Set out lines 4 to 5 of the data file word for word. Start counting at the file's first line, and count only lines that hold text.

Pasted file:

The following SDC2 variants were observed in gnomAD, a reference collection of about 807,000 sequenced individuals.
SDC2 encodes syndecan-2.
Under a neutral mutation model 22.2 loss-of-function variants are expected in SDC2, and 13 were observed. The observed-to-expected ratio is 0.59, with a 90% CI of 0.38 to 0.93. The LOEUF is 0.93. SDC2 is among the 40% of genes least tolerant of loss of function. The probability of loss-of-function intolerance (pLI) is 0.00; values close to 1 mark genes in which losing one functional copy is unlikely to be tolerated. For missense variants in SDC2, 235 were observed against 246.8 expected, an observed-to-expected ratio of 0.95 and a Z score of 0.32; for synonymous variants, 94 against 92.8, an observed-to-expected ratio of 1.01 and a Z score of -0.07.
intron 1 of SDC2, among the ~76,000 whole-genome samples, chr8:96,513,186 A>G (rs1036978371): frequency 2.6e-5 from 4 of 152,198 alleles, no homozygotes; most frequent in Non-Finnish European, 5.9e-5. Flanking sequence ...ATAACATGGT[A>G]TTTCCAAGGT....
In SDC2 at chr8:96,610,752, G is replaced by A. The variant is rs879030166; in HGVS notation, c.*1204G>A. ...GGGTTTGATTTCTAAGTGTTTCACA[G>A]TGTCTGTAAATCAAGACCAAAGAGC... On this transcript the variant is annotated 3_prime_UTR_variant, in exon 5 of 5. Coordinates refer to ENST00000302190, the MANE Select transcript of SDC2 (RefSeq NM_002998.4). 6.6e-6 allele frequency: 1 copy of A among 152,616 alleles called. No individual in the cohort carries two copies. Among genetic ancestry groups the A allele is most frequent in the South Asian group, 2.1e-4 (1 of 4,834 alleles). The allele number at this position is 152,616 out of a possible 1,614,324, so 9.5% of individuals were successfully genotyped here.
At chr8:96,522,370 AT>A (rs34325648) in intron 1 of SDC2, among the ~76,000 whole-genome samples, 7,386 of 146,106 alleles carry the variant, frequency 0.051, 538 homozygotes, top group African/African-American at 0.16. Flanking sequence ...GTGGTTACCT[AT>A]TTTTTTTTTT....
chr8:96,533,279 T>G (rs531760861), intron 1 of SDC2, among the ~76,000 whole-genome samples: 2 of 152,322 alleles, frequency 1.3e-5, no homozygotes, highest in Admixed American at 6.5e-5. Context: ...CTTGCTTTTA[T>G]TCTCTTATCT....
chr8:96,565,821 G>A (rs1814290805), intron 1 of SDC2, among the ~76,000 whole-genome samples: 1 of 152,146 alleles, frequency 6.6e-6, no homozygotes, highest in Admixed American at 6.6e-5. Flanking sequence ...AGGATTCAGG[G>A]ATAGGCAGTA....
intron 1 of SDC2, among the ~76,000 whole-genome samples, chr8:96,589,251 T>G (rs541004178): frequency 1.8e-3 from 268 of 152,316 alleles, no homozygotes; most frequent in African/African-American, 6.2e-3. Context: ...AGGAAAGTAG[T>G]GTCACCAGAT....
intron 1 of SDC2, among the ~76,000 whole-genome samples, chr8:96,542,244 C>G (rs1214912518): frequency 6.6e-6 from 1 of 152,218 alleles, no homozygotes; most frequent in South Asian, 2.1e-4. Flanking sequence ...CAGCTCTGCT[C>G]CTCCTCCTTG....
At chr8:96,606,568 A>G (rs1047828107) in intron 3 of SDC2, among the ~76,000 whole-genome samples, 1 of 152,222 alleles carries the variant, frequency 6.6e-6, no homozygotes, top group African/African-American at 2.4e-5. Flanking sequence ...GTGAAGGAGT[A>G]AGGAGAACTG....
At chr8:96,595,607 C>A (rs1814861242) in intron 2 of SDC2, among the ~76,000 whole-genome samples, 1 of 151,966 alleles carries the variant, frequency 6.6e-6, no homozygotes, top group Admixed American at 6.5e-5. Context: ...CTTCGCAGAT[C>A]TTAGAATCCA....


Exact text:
intron 1 of SDC2, among the ~76,000 whole-genome samples, chr8:96,513,186 A>G (rs1036978371): frequency 2.6e-5 from 4 of 152,198 alleles, no homozygotes; most frequent in Non-Finnish European, 5.9e-5. Flanking sequence ...ATAACATGGT[A>G]TTTCCAAGGT....
In SDC2 at chr8:96,610,752, G is replaced by A. The variant is rs879030166; in HGVS notation, c.*1204G>A. ...GGGTTTGATTTCTAAGTGTTTCACA[G>A]TGTCTGTAAATCAAGACCAAAGAGC... On this transcript the variant is annotated 3_prime_UTR_variant, in exon 5 of 5. Coordinates refer to ENST00000302190, the MANE Select transcript of SDC2 (RefSeq NM_002998.4). 6.6e-6 allele frequency: 1 copy of A among 152,616 alleles called. No individual in the cohort carries two copies. Among genetic ancestry groups the A allele is most frequent in the South Asian group, 2.1e-4 (1 of 4,834 alleles). The allele number at this position is 152,616 out of a possible 1,614,324, so 9.5% of individuals were successfully genotyped here.